The following post is by contributor Catherine Way.
I live in Darwin in North Australia. My in-laws live around the corner from us. My parents live in Canberra, in the south of Australia. My sister lives in Singapore. My sister- and brother-in-law live in California, USA. In today’s society, this is a common arrangement. Many people live far away from their extended family.
How can you stay in touch when your family is spread around the country or around the world? Does this mean that your children miss out on important connections with family?
There are plenty of ways to stay connected with far away family. And as an added bonus, while you connect with family around the world, your children have an authentic reason to learn about geography and cultural differences.
Sign up for Skype
Skype is a free service that lets you message and video chat with other people on Skype. Even my most tech-phobic relatives love Skype once they have it set up and working on their computer. And these days you can also have Skype on your mobile phone. Skype also allows you make cheaper international phone calls to non-Skype users.
With Skype you can video chat and instantly show off your child’s new haircut or their latest artwork. It lets relatives be nearly ‘in the room’ for birthday or holiday celebrations. My family love to call relatives on their birthday and sing ‘Happy Birthday’ on Skype.
Try other types of social media
Video calling through Skype is a fantastic way to chat with relatives, but I am also in the habit of using Facebook on my phone to keep up to date with my sister and sister-in-law. By checking Facebook regularly, I can have almost real-time updates about the bits and pieces that are important in their lives right now.
Through Facebook I hear that my sister has gone to Vietnam for a couple of days for work, or that my sister-in-law is in the middle of a long power outage. And I can see photos of some of these events very quickly too.
Start a blog
I first started blogging as a way to share family photos and stories with family and friends without having to send ten different emails. It also lets you show lots of different photos without having to worry about attachments and file sizes. Through my personal blog, family and friends know what we are interested in at the moment and can leave comments.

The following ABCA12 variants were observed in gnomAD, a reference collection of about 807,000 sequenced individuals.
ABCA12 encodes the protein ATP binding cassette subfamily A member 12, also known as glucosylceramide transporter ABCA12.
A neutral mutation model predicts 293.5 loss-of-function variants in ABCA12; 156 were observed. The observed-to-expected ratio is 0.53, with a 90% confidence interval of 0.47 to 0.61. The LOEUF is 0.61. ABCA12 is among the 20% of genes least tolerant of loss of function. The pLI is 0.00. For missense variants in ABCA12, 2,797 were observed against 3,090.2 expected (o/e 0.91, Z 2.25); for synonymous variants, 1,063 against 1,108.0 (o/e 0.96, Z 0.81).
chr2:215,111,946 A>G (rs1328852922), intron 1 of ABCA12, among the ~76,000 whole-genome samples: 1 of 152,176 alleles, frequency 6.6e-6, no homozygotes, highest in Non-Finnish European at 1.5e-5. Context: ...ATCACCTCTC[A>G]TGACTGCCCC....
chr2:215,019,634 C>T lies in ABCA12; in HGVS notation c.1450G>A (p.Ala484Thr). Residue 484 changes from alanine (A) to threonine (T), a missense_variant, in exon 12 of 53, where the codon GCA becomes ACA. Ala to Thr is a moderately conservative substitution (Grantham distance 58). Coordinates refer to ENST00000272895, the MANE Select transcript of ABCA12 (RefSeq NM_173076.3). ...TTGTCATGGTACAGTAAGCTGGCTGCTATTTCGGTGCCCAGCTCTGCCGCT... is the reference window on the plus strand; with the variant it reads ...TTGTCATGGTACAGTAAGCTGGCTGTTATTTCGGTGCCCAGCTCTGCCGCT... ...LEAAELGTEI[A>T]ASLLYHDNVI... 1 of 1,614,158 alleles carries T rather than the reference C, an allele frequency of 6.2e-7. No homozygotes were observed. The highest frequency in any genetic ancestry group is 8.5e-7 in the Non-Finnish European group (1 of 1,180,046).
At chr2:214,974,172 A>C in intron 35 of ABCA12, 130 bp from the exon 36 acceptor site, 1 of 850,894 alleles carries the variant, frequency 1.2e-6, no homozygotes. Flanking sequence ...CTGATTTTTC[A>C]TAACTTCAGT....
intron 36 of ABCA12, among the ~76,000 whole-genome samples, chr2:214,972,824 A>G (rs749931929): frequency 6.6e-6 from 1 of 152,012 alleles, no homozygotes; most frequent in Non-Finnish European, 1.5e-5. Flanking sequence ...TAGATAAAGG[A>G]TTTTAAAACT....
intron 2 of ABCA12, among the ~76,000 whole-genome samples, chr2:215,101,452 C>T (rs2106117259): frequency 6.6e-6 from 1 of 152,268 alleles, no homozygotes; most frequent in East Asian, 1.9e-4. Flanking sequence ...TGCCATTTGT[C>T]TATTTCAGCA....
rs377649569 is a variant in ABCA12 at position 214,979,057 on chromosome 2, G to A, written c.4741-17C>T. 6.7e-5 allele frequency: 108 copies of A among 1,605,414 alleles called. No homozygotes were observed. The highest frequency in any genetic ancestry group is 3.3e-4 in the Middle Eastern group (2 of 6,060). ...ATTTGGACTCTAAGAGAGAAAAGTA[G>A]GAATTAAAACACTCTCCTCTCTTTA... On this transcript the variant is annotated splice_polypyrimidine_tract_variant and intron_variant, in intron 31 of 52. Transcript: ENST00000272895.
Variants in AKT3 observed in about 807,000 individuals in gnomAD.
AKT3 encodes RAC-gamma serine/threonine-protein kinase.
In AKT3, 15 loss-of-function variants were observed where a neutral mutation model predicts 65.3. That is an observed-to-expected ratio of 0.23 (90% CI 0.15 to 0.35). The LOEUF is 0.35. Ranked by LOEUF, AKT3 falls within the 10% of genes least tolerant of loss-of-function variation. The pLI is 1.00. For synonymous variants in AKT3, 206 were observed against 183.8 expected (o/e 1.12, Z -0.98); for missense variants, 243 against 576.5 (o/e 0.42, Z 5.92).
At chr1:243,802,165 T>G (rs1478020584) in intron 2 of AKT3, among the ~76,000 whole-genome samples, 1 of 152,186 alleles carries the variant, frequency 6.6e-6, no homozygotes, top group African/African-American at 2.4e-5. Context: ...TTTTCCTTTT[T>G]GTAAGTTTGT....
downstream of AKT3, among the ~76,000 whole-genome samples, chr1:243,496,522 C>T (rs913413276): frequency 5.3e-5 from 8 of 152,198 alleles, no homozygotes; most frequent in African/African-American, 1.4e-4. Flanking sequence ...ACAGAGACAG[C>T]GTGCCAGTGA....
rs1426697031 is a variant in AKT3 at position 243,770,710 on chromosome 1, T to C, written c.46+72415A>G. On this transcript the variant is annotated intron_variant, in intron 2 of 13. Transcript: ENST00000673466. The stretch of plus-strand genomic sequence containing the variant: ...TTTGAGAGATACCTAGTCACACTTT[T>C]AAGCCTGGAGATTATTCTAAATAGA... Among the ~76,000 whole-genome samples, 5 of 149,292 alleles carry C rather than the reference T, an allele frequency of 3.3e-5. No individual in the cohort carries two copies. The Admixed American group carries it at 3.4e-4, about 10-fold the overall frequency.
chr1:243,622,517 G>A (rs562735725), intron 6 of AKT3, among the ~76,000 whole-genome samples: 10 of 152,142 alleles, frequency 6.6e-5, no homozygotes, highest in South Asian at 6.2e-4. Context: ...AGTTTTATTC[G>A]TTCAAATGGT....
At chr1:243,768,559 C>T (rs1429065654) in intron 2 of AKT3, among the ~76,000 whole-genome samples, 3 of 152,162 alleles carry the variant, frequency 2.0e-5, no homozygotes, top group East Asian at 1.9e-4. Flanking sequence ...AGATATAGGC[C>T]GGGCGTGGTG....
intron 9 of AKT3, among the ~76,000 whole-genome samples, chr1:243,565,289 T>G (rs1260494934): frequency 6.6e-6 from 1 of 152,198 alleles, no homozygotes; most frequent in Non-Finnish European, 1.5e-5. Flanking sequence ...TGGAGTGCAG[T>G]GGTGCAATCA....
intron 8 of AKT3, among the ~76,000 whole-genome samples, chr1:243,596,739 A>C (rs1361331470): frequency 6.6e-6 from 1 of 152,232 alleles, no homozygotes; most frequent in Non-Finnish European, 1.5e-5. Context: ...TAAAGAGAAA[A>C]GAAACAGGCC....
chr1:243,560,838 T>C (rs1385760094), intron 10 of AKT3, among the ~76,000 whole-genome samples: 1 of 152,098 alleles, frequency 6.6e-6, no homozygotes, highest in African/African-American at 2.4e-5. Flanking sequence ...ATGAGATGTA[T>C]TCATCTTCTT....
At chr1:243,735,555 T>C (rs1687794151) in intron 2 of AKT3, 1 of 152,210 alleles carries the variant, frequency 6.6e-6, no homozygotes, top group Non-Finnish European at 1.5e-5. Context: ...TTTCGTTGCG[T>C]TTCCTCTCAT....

Send gifts that promote connection
If my niece and nephew lived around the corner, I would probably give them the usual toys for their birthdays and other occasions. But since my niece and nephew are on the other side of the world, I have the chance to send some unique gifts that represent the Australian environment and culture.
For example, I give books by Australian authors, Australian music or Australian animal figurines. There are lots more possibilities – a boomerang, maybe – as my niece and nephew get older. These gifts are sure to make my niece and nephew think of me and my family when they use them and they help my niece and nephew to learn about our family and life in Australia.
And now that my children are old enough to participate in gift giving, we often hand-make unique gifts for family, like the embroidered children’s handprints for my mum or artwork painted by the children on canvas. This brings a little bit of us into relative’s homes. At the moment, we are writing and illustrating a book of our family’s favourite songs and nursery rhymes to send to my niece and nephew.
Find ways to bring far away relatives into your home
You could invite them to come and stay, but that is not always financially possible. However, you can have their photographs on your bookshelves or in an accessible photo album.
You can tell your children about these relatives by sharing your memories often. When you make biscuits, talk about how you always used to bake biscuits with your mum when you were growing up. When your children fight, tell them about the time you tricked your sister.
Put up a map in your home and mark where important family and friends live. Have theme dinners or collect mementos from those places to help your children understand what it is like where their relatives live.
Keep up with the interests of your far flung relations. For example, my brother-in-law follows baseball. He gave my sons baseball gloves, a bat and a ball. And even though baseball is not a popular sport in Australia, they love to play baseball and sometimes we try and watch a game on TV.
When my son’s are old enough I hope they will want to go on an adventure and stay with their overseas aunties. The effort that I put into connecting with family now enriches my life and my children’s lives now and into the future.
How do you connect with distant family?